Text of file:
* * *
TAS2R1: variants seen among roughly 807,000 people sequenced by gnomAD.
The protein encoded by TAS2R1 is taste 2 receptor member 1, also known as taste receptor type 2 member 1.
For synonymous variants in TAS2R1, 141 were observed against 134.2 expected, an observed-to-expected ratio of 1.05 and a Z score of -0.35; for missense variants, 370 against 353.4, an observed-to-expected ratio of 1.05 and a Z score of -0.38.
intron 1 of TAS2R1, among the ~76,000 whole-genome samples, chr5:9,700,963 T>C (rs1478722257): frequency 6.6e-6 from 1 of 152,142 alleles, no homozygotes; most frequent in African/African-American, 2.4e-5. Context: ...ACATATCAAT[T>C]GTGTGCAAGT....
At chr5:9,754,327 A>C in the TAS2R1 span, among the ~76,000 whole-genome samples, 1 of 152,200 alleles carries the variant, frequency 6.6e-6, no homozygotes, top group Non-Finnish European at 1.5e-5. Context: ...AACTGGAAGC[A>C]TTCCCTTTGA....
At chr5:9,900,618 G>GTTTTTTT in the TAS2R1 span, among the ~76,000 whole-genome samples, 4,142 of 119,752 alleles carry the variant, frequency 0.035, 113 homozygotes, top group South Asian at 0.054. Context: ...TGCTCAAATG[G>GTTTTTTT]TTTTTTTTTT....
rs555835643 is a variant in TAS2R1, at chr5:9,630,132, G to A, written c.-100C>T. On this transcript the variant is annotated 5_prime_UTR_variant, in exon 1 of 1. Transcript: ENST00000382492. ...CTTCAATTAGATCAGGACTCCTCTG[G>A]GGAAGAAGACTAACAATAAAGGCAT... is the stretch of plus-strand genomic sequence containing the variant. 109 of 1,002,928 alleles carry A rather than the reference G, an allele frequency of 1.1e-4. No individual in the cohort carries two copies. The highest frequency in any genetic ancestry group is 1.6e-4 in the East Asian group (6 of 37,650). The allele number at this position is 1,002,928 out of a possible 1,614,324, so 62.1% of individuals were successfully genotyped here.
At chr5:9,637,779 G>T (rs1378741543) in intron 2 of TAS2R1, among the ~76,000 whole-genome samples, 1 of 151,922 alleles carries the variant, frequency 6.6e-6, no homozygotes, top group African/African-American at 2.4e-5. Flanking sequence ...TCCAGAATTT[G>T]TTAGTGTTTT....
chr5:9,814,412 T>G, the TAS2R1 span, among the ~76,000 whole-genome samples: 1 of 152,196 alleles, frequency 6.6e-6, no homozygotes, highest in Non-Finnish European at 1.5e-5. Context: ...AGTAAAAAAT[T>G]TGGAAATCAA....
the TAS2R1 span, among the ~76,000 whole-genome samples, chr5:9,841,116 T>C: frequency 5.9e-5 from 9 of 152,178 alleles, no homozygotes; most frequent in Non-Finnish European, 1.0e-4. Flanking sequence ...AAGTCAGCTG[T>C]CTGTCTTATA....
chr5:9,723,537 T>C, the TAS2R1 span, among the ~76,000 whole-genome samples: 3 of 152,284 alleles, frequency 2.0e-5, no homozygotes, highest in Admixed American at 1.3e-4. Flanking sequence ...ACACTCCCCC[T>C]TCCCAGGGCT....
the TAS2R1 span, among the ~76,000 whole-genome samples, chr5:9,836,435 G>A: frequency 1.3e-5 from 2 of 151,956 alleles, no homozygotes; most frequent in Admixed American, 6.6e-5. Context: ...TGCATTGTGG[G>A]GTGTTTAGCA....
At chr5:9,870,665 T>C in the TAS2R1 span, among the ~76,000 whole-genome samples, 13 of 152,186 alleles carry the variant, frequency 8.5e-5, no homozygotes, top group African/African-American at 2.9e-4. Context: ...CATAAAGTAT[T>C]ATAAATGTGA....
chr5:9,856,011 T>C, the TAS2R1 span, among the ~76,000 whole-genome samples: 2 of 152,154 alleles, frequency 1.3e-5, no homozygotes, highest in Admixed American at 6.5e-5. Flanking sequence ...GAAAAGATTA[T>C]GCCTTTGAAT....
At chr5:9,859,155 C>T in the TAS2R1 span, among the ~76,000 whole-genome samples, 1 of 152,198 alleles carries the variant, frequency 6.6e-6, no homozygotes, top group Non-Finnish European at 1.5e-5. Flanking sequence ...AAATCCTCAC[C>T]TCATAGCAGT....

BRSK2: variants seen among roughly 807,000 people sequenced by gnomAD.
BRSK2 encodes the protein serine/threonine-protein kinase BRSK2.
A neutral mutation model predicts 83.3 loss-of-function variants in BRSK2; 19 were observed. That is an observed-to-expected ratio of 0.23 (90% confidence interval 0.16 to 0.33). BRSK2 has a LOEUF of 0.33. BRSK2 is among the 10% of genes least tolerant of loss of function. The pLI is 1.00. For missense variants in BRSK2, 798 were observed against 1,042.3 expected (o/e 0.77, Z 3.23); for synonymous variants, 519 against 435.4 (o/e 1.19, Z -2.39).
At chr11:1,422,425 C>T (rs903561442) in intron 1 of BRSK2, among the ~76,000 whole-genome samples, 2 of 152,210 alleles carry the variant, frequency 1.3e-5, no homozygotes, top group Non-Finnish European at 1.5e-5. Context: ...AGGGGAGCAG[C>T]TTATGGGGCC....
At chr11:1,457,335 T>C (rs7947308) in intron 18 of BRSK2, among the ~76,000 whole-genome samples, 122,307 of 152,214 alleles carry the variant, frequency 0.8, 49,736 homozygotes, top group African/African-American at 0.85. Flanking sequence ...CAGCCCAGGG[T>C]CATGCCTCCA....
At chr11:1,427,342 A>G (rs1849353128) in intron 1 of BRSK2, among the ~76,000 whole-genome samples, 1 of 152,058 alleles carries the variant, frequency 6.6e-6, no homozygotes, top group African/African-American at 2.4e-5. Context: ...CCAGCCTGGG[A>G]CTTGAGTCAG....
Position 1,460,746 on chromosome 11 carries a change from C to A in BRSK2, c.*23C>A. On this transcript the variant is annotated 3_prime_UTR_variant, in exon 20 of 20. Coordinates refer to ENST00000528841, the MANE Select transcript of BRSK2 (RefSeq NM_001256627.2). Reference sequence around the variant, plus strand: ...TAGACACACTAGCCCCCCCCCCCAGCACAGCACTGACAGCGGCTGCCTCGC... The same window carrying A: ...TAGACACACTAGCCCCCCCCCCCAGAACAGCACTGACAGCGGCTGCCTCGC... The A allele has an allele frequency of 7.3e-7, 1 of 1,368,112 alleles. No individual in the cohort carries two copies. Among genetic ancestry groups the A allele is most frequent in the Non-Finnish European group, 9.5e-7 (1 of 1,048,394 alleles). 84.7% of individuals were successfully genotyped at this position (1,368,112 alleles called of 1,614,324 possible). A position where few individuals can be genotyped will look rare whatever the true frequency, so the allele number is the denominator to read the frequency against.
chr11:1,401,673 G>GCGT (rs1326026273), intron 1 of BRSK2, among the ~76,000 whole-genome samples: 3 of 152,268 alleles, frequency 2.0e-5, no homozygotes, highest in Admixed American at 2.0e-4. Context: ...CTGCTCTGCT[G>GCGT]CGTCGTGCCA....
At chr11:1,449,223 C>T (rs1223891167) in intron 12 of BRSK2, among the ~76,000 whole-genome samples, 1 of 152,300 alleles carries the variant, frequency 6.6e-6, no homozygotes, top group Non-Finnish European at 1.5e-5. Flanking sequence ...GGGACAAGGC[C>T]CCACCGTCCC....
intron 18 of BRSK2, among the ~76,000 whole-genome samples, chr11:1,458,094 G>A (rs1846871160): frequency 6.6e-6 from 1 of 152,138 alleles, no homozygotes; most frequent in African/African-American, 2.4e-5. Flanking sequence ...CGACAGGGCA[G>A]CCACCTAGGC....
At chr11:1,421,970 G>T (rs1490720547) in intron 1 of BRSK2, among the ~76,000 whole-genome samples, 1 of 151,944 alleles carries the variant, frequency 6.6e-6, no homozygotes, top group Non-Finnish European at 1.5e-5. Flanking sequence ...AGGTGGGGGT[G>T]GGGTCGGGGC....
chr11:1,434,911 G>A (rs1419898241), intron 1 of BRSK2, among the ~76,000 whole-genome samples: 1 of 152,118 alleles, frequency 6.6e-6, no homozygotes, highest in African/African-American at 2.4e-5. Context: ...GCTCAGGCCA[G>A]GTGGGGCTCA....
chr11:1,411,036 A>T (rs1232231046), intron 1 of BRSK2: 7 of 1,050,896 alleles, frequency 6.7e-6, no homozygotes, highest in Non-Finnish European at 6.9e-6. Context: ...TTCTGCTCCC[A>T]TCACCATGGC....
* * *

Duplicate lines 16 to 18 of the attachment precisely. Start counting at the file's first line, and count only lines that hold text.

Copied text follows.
BRSK2: variants seen among roughly 807,000 people sequenced by gnomAD.
BRSK2 encodes the protein serine/threonine-protein kinase BRSK2.
A neutral mutation model predicts 83.3 loss-of-function variants in BRSK2; 19 were observed. That is an observed-to-expected ratio of 0.23 (90% confidence interval 0.16 to 0.33). BRSK2 has a LOEUF of 0.33. BRSK2 is among the 10% of genes least tolerant of loss of function. The pLI is 1.00. For missense variants in BRSK2, 798 were observed against 1,042.3 expected (o/e 0.77, Z 3.23); for synonymous variants, 519 against 435.4 (o/e 1.19, Z -2.39).